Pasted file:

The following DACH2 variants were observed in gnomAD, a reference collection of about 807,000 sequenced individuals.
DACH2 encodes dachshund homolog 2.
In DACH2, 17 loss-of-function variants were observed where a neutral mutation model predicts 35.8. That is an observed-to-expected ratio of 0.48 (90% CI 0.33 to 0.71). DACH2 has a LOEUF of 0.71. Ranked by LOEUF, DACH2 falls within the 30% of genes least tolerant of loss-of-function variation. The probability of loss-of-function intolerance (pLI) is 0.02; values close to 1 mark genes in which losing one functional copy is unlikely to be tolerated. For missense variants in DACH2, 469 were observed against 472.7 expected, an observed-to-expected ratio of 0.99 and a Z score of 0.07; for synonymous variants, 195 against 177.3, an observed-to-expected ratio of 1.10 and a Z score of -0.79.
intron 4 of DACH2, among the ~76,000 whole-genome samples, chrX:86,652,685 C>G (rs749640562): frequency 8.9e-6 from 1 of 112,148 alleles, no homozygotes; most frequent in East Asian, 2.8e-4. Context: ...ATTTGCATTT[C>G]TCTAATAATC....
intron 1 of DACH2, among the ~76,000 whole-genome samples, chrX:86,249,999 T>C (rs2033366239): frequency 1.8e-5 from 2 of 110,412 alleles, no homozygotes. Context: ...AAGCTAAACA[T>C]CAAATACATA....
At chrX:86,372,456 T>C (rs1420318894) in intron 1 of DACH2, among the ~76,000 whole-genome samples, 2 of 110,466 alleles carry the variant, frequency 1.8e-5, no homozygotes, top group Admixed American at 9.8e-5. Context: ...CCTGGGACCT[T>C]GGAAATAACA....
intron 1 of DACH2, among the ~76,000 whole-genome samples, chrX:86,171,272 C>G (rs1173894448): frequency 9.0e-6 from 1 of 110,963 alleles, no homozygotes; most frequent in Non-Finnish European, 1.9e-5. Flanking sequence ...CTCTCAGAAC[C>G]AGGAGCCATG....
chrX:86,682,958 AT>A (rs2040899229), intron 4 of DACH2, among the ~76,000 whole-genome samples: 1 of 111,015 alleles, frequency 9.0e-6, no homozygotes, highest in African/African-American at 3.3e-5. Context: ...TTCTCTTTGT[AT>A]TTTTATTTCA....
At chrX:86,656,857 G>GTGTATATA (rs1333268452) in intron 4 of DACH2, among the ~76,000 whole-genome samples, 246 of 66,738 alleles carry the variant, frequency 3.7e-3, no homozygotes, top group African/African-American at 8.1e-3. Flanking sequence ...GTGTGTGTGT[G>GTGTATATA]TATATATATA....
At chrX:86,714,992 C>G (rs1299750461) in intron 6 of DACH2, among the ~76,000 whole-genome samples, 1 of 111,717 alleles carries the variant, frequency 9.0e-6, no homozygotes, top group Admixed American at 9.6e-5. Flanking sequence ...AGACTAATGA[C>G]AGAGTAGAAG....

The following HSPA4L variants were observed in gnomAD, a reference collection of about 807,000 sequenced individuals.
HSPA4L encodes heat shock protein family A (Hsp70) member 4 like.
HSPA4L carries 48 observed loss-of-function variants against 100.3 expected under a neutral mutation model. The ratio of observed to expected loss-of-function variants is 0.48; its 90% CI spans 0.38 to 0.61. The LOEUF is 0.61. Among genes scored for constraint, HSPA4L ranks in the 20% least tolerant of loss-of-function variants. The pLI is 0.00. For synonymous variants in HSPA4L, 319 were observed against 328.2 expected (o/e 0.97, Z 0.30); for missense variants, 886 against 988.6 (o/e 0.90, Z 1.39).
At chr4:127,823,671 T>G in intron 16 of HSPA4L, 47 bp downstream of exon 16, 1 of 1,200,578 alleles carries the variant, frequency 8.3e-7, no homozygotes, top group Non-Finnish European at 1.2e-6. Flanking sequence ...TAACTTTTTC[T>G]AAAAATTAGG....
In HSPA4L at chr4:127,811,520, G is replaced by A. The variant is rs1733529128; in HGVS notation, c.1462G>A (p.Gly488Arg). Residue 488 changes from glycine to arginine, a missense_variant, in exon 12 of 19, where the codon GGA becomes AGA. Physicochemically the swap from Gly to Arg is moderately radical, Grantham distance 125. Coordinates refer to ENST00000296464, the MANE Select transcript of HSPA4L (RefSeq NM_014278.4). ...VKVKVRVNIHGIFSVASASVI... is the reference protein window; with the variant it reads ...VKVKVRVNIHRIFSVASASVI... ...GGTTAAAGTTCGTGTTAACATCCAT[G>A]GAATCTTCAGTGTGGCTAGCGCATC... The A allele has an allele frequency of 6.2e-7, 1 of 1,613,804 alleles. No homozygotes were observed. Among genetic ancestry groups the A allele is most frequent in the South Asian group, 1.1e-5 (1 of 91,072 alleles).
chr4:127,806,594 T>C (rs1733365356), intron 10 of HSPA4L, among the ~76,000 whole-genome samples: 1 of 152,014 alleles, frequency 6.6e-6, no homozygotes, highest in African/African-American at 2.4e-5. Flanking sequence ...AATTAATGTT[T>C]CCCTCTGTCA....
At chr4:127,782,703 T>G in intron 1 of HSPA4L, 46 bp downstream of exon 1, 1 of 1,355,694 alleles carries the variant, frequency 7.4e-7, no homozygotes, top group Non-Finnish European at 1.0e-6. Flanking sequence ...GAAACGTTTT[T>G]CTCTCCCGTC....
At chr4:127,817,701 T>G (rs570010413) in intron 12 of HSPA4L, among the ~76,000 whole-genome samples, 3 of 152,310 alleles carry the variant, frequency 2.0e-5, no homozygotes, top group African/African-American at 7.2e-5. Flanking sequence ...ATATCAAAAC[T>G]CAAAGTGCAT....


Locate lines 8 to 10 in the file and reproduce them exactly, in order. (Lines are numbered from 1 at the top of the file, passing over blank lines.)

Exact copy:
chrX:86,682,958 AT>A (rs2040899229), intron 4 of DACH2, among the ~76,000 whole-genome samples: 1 of 111,015 alleles, frequency 9.0e-6, no homozygotes, highest in African/African-American at 3.3e-5. Context: ...TTCTCTTTGT[AT>A]TTTTATTTCA....
At chrX:86,656,857 G>GTGTATATA (rs1333268452) in intron 4 of DACH2, among the ~76,000 whole-genome samples, 246 of 66,738 alleles carry the variant, frequency 3.7e-3, no homozygotes, top group African/African-American at 8.1e-3. Flanking sequence ...GTGTGTGTGT[G>GTGTATATA]TATATATATA....
At chrX:86,714,992 C>G (rs1299750461) in intron 6 of DACH2, among the ~76,000 whole-genome samples, 1 of 111,717 alleles carries the variant, frequency 9.0e-6, no homozygotes, top group Admixed American at 9.6e-5. Flanking sequence ...AGACTAATGA[C>G]AGAGTAGAAG....